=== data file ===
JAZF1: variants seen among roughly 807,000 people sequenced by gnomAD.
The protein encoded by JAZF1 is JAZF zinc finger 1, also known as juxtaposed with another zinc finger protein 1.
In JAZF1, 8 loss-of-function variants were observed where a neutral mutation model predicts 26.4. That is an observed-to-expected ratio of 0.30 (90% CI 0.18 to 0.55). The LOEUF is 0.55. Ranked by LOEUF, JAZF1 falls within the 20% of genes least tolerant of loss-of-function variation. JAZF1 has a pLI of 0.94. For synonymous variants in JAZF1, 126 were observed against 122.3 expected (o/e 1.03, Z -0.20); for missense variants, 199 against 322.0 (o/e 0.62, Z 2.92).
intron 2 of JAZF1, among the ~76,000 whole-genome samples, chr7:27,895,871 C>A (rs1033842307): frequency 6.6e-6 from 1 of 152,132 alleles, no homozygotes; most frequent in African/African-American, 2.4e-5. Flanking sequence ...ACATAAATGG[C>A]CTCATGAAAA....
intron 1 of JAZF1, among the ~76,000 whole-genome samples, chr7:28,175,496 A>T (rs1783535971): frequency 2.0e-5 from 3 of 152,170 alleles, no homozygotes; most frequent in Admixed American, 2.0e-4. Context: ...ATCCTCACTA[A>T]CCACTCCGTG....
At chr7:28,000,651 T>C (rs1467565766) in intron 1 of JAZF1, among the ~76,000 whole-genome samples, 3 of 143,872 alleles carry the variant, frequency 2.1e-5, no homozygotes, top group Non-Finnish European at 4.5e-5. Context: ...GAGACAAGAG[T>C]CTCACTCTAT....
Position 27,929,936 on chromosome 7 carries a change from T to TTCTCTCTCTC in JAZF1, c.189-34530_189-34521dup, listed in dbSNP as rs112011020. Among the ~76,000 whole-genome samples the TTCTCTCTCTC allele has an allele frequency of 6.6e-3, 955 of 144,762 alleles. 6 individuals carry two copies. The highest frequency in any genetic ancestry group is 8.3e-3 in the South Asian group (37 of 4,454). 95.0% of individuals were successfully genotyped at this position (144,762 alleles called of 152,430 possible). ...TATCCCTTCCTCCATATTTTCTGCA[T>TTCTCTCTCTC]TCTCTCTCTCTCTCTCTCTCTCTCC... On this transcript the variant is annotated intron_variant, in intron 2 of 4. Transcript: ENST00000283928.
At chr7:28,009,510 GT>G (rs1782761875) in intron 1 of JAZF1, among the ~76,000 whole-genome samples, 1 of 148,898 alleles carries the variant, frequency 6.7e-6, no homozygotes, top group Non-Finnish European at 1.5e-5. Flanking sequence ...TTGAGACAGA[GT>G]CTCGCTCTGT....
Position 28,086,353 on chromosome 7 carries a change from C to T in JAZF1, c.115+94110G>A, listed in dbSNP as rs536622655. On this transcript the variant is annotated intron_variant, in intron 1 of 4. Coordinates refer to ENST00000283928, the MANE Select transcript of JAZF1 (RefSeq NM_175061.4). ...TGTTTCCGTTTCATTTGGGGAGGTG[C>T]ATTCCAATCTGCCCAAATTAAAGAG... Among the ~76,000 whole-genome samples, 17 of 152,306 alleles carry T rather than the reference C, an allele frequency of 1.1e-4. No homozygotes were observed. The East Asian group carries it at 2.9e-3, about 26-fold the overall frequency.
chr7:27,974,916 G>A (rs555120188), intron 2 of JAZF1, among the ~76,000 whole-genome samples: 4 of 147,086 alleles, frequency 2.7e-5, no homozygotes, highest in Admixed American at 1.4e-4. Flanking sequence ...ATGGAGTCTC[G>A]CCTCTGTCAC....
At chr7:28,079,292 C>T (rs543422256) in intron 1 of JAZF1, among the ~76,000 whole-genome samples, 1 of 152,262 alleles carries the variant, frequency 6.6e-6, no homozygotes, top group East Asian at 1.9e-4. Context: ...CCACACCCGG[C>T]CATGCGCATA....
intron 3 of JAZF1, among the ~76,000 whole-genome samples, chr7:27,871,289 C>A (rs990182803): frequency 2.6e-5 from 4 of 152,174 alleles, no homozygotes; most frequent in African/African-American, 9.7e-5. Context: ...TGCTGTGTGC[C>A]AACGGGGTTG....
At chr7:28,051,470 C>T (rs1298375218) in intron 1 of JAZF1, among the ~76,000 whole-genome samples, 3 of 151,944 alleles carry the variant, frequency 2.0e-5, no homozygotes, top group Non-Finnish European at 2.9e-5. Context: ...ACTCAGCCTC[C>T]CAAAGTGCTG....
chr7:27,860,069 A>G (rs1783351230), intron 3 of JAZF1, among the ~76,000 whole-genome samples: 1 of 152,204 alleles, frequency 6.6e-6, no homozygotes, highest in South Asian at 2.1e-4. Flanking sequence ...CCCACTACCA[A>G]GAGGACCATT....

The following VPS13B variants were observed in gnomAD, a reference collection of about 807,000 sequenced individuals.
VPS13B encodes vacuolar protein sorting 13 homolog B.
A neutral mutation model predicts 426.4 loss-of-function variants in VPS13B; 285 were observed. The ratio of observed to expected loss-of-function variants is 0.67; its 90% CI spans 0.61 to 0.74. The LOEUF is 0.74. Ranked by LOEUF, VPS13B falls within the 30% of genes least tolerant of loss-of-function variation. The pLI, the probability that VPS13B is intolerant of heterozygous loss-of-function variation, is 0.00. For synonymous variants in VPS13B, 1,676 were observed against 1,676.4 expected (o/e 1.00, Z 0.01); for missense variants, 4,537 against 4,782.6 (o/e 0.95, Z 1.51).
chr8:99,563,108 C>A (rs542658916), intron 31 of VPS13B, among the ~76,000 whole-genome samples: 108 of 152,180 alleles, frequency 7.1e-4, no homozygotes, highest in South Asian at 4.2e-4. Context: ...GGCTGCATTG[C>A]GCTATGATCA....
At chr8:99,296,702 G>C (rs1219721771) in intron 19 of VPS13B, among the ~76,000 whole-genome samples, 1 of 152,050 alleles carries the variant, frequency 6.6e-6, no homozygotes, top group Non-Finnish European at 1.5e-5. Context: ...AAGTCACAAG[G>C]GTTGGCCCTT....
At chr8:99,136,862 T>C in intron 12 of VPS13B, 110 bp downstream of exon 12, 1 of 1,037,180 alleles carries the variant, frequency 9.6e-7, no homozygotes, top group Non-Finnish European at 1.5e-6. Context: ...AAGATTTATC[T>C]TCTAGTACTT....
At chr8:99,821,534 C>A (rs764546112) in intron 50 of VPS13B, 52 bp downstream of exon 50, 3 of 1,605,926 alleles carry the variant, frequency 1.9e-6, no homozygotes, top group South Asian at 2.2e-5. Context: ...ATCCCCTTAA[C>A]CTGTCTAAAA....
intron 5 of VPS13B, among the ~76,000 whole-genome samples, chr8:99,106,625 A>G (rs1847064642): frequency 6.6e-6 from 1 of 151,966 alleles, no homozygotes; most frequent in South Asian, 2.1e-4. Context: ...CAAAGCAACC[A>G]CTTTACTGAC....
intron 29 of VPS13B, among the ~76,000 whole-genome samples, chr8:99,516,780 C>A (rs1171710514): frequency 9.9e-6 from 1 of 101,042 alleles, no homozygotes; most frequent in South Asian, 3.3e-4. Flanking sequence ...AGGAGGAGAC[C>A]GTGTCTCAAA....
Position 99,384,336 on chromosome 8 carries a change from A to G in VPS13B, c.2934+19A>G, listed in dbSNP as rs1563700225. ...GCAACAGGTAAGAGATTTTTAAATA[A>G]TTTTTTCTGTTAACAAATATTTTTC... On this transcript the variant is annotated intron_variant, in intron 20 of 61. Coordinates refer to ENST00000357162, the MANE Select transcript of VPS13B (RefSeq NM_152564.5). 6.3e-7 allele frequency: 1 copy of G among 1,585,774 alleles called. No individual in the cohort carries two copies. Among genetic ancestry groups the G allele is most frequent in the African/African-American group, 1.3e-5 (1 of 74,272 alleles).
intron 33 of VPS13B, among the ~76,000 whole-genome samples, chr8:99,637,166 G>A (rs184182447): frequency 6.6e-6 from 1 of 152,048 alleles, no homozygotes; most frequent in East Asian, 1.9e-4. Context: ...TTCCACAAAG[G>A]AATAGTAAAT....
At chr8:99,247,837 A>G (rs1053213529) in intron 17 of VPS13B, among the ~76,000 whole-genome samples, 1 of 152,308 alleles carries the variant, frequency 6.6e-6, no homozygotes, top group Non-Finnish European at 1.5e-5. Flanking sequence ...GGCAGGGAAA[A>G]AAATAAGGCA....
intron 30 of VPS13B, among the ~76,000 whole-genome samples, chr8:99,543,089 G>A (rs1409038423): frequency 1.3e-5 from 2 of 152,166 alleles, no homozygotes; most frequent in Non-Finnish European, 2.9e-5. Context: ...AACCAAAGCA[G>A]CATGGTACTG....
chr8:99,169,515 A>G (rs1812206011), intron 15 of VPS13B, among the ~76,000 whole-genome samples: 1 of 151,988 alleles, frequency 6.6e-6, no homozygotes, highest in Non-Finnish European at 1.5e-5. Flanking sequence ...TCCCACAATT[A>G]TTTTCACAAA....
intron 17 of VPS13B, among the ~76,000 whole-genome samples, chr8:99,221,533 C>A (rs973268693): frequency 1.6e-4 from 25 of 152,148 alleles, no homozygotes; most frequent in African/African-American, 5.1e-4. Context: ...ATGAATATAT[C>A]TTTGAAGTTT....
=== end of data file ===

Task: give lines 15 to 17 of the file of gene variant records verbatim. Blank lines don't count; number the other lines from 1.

The following VPS13B variants were observed in gnomAD, a reference collection of about 807,000 sequenced individuals.
VPS13B encodes vacuolar protein sorting 13 homolog B.
A neutral mutation model predicts 426.4 loss-of-function variants in VPS13B; 285 were observed. The ratio of observed to expected loss-of-function variants is 0.67; its 90% CI spans 0.61 to 0.74. The LOEUF is 0.74. Ranked by LOEUF, VPS13B falls within the 30% of genes least tolerant of loss-of-function variation. The pLI, the probability that VPS13B is intolerant of heterozygous loss-of-function variation, is 0.00. For synonymous variants in VPS13B, 1,676 were observed against 1,676.4 expected (o/e 1.00, Z 0.01); for missense variants, 4,537 against 4,782.6 (o/e 0.95, Z 1.51).